While the number of women-owned businesses has increased exponentially over the past decade, we're not raising venture capital to grow our businesses.
What is venture capital, and why should it be on your radar?
Venture capital (VC) is a type of funding designed to help small companies become big companies; it's usually hitched to some form of "exit strategy," such as sale to a larger company. A business owner seeking traditional venture capital has to show the potential for rapid growth and extraordinary returns.
Consider this: “In 2006, only 4% of venture capital-backed companies had female chief executives, and those companies with women as leaders received just 3% of the total dollars raised from VC.” (source)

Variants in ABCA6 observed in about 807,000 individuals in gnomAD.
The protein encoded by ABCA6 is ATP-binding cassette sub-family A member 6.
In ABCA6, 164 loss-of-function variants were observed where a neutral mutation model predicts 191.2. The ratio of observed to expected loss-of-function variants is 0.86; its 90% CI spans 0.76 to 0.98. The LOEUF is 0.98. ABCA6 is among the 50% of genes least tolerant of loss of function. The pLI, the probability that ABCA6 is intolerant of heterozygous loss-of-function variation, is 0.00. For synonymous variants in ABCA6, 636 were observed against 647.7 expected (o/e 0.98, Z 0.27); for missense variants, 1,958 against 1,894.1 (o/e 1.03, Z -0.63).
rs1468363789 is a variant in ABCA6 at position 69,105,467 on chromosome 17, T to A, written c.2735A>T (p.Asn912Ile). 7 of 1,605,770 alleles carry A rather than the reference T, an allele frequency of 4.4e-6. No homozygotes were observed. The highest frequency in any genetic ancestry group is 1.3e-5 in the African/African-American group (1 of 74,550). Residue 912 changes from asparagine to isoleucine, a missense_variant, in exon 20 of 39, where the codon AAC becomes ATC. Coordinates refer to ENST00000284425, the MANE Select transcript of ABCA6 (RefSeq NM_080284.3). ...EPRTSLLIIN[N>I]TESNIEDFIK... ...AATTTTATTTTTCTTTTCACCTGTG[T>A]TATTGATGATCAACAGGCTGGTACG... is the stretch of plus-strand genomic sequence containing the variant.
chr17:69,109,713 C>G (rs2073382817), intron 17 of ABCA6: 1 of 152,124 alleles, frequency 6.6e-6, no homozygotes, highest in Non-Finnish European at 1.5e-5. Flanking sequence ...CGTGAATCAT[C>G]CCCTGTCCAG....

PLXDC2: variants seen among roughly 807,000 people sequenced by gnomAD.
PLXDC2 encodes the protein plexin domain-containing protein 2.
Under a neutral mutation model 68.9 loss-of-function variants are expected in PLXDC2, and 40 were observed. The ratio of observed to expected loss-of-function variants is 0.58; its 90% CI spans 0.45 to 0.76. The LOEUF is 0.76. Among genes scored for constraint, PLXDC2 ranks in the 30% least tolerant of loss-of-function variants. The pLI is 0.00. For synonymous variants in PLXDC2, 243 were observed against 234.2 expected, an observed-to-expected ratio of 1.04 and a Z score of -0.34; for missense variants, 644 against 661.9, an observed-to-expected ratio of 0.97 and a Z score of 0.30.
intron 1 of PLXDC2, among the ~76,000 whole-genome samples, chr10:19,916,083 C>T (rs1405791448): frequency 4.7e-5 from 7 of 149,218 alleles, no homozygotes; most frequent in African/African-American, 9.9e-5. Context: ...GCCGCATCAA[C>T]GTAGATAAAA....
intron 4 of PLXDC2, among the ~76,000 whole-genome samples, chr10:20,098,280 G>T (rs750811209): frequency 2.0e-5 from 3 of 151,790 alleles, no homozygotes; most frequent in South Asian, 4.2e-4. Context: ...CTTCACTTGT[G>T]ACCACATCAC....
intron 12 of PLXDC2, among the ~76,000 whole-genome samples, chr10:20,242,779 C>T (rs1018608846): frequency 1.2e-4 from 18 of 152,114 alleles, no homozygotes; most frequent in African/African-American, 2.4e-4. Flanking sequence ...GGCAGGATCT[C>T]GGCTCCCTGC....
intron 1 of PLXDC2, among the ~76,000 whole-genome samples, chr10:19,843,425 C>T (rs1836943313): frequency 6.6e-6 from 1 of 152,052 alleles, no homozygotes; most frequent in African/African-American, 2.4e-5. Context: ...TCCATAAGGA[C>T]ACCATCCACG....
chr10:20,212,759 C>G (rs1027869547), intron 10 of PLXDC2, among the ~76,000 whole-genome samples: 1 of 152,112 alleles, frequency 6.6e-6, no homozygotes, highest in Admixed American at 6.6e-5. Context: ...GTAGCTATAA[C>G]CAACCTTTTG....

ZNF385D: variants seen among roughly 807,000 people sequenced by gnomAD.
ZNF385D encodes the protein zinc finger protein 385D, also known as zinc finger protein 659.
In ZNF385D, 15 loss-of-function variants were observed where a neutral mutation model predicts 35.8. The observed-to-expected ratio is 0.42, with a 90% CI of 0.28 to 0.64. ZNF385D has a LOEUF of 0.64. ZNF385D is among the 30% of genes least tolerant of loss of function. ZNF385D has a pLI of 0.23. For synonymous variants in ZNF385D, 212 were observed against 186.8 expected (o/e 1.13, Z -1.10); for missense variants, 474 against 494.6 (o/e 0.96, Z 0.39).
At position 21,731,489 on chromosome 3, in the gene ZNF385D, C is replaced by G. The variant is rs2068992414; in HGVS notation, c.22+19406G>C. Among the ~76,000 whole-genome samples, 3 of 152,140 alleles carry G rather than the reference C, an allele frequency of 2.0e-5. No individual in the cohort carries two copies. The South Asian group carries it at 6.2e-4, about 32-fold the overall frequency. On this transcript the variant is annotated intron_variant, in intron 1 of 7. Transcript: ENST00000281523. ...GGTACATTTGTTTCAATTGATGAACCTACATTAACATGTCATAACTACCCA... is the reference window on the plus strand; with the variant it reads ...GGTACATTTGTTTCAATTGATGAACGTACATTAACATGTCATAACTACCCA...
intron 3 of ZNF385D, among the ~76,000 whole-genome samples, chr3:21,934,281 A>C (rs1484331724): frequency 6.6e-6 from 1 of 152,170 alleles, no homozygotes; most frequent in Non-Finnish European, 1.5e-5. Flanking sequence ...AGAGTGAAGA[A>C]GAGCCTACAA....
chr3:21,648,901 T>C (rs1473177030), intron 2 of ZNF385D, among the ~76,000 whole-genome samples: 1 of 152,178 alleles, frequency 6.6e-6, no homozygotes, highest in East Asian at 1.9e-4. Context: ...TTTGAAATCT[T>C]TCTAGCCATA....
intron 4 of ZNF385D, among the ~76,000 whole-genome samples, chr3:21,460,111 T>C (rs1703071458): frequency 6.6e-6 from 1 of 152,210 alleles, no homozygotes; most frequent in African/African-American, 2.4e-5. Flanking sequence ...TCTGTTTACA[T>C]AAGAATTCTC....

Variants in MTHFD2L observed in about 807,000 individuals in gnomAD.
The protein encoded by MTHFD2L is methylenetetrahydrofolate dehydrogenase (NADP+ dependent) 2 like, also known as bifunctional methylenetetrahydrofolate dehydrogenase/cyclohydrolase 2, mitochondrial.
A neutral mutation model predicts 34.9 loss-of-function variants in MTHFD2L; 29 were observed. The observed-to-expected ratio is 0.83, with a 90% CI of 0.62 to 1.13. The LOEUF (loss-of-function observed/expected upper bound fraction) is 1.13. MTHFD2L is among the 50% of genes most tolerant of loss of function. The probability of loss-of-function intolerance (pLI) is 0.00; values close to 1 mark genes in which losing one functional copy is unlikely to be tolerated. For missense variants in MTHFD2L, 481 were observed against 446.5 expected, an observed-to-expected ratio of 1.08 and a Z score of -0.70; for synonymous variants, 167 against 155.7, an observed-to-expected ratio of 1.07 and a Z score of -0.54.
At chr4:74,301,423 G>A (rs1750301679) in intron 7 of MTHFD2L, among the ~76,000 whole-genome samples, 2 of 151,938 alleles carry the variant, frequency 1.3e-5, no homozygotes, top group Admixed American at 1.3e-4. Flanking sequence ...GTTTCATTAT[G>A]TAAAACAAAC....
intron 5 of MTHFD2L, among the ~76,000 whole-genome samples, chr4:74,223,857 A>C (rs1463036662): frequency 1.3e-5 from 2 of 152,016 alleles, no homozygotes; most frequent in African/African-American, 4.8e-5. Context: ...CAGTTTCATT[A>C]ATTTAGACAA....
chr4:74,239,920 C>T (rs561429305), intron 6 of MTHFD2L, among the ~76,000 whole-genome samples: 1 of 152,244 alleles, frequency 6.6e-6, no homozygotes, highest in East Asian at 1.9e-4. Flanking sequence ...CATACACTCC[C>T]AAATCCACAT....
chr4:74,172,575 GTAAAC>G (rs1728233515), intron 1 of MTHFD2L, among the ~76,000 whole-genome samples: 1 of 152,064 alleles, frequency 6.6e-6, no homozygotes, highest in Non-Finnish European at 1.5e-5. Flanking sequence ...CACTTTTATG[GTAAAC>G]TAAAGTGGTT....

Just 4%? Why?
Women aren't starting “VC-worthy” companies projecting rapid growth
and exit strategies. We want to run small
companies, and avoid the headaches
of leading large ones.
We're so resourceful and skilled when it comes to
bootstrapping that we think we don't need VC.
We struggle, more than men, when it comes
to asking for money.
Is this yet another glaring example of under-earning, or merely a reality in the innate difference between men and women?
We need to build networks
According to Amanda Clayman, a psychotherapist specializing in financial wellness, women are still limited by "trying to do it ourselves" and lack networks needed to grow our businesses. "Women, for the most part, still operate outside of the traditional power structure. It's time we direct more energy toward establishing our own power networks. In order to grow, we need to learn how to ask for resources, support — and investment — when we need it."
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